February 2016

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Is Code the New Math?

The initiative for writing this article was to ask the question “Where are the next generation of Building Automation Engineers coming from”?

Manny MandrusiakManny Mandrusiak
Managing Creative Consultant,
4 Bravo Marketing

Contributing Editor

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I watched a news cast a few months ago that focused on Britain and Australia implementing new educational curriculum into their elementary, middle and high schools to cope with what these two counties identified as a huge epidemic. My mind immediately went to some curriculum that improves health, or teaches students to embrace learning multiple languages, but I was wrong.

It was that Britain and Australia identified that both nations are facing a critical shortage of skilled technology workers.  Significant loses in Computer Science Skills in young people moving into the workforce. That means that both nations would not be able to support themselves by advancing technology, and would end up having to bring in technology workers from other countries, or rely on other nations to support their technological infrastructure.

If one looks at the employment sites computer skills like being able to manipulate data in Microsoft Word and Excel are expected.  Not only that, more and more jobs are looking for skills in web development, HTML and CSS, essentially coding languages. Job seekers need to be a lot more computer savvy now than five years ago.  I see more and more people taking technology training than trades training when they are looking at where the bulk of the jobs will be in the next ten years.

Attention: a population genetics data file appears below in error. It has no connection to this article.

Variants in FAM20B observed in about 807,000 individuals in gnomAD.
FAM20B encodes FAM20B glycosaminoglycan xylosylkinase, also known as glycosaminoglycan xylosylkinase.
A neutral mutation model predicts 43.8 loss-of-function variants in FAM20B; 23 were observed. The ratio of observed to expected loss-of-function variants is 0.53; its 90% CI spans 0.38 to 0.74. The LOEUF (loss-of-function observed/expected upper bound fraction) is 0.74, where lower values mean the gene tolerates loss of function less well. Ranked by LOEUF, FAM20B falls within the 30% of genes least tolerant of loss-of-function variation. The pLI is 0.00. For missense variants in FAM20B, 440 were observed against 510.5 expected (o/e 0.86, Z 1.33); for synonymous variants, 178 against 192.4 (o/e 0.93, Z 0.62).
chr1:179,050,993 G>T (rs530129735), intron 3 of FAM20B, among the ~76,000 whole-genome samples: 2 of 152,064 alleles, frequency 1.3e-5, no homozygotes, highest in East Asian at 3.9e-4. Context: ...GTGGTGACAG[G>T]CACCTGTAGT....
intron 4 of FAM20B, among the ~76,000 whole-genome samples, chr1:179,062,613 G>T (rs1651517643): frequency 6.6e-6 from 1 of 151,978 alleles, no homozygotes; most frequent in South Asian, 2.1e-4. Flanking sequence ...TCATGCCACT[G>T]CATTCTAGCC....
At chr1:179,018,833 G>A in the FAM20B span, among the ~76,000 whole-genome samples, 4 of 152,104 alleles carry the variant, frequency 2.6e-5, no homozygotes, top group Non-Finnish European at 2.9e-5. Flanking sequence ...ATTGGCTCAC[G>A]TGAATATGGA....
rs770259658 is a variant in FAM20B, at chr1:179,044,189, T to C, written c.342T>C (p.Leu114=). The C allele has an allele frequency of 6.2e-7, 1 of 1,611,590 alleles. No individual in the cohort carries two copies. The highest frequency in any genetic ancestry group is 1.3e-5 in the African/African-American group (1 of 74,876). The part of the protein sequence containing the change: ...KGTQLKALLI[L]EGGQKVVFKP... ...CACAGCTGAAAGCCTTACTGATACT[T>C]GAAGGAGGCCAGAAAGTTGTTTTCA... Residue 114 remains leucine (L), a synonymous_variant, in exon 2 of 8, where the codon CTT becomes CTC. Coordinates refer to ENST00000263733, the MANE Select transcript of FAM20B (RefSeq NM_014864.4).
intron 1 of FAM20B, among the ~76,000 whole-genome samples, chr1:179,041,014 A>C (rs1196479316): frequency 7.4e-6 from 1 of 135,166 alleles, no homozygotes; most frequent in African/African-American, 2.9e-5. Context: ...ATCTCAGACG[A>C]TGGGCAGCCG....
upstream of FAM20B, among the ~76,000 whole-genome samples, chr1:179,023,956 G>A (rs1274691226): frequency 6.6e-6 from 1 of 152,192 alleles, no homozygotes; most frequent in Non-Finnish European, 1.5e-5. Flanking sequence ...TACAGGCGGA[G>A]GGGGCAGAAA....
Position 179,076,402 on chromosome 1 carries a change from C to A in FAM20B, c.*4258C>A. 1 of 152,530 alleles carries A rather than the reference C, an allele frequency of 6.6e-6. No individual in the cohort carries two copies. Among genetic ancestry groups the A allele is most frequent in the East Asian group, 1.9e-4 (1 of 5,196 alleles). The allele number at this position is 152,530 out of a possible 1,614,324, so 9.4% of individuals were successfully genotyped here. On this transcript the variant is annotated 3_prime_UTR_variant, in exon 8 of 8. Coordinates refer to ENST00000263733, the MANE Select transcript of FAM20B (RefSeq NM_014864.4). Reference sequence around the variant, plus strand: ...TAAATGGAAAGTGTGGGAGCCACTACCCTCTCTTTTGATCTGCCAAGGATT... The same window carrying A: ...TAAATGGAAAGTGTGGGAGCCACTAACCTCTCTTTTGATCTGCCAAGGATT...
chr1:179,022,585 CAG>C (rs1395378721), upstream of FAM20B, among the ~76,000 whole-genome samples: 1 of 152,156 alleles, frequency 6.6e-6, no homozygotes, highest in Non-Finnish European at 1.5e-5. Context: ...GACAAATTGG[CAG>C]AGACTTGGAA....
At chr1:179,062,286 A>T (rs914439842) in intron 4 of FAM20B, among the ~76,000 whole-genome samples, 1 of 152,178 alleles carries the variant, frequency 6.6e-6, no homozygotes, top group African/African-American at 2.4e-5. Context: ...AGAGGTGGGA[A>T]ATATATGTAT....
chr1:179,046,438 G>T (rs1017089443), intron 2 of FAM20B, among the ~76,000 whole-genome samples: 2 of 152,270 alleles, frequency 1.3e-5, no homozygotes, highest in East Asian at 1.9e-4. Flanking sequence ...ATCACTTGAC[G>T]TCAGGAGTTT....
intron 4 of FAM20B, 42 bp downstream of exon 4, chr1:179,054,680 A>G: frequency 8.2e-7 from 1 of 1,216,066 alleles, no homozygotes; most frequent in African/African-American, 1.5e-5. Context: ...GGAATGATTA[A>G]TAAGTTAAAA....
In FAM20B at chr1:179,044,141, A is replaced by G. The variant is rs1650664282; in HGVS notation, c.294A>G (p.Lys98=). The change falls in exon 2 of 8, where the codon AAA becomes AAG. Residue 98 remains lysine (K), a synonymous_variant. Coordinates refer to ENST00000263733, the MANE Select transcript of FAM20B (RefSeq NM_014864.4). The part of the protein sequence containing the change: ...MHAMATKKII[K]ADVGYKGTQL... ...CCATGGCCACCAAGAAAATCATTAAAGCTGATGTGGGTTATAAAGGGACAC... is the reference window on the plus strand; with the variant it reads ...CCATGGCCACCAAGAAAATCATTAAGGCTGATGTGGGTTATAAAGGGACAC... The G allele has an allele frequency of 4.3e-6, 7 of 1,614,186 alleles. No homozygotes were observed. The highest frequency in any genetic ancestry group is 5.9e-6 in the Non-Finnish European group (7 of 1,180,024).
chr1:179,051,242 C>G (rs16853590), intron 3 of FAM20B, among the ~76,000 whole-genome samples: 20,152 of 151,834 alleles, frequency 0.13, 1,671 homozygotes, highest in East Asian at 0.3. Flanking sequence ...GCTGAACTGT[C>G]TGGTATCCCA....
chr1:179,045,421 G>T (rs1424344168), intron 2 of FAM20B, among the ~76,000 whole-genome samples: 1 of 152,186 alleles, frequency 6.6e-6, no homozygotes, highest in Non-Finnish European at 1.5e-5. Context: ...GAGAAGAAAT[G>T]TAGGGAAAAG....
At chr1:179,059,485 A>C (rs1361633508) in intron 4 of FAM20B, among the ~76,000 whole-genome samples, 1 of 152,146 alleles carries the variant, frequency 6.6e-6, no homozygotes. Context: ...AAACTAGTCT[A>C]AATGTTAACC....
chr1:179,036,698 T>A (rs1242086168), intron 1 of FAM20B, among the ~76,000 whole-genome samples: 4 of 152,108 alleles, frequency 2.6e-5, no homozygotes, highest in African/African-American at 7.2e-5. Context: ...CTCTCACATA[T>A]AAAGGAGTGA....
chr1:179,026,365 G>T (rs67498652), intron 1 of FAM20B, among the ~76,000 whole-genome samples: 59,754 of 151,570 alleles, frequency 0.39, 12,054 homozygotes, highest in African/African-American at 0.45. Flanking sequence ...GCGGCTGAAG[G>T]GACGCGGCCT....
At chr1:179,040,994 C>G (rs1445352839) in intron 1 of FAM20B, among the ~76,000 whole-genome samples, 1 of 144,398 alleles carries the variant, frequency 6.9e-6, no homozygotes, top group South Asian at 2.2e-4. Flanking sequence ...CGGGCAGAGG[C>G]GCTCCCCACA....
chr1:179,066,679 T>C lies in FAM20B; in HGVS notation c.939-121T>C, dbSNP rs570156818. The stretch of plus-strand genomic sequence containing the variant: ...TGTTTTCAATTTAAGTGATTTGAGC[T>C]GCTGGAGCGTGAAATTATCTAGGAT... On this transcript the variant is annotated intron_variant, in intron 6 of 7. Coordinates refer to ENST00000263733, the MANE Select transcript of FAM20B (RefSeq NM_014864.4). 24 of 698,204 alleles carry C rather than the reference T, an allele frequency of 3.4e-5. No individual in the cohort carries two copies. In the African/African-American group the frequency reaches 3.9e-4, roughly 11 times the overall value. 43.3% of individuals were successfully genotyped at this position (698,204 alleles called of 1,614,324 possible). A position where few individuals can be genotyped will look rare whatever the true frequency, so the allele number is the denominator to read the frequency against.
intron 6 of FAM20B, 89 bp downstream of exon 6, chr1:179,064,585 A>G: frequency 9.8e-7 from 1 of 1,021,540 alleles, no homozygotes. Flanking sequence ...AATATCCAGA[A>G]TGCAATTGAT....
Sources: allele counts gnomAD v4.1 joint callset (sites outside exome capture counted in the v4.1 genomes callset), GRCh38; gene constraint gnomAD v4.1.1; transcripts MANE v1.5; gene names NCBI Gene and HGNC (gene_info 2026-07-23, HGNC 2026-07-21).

If one looks at complex economies like the US or Canada it is pretty clear how reliant we have all become technology and most of our social and purchasing interactions happen online.  To be successful in this new tech driven world a web presence is becoming mandatory, and someone has to create, improve, and maintain these networks.

Computer literacy skills then become not only necessary but essential.  When I was a teenager learning to drive, my Dad took me under the hood of the car to show me how everything worked so that I could make small repairs and be self sufficient.  Same rule applies here.  For our technological driven society to continue to move forward and be self sufficient we need our young people to be able to look under the “digital hood” and solve problems for themselves. 
The natural place to start a life time journey toward computer literacy is in school when young people are learning to read and write already.  I admit that I was a little skeptical when I first but when I watched how the teacher’s in Britain were taking a very hands-on approach to having students solve workflow problems by applying logic.  It was very impressive.

When one thinks about it rationally, technology companies are the largest growing vertical for employment right now. Those companies will naturally locate in cities and countries where they can find the talented people to do the work that is needed.

Three Provinces in Canada (British Columbia, New Brunswick and Nova Scotia) have committed to making the commitment to implementing code in their educational systems. In the US New York and Chicago are on the forefront of implementing similar initiatives.

Control Solutions, Inc The initiative for writing this article was to ask the question “Where are the next generation of Building Automation Engineers coming from”?

As smart buildings become more common and automation systems become increasingly more sophisticated, who will be the people who build the next generation HVAC controllers? Will they be in North America, or will the building automation infrastructure of our future be outsourced to countries who invested in the next generation of engineers and programmers right from kindergarten?

I’m looking forward to being on the forefront of a pivotal point in how education changes to allow tech companies in North America to grow, and remain competitive for the future.


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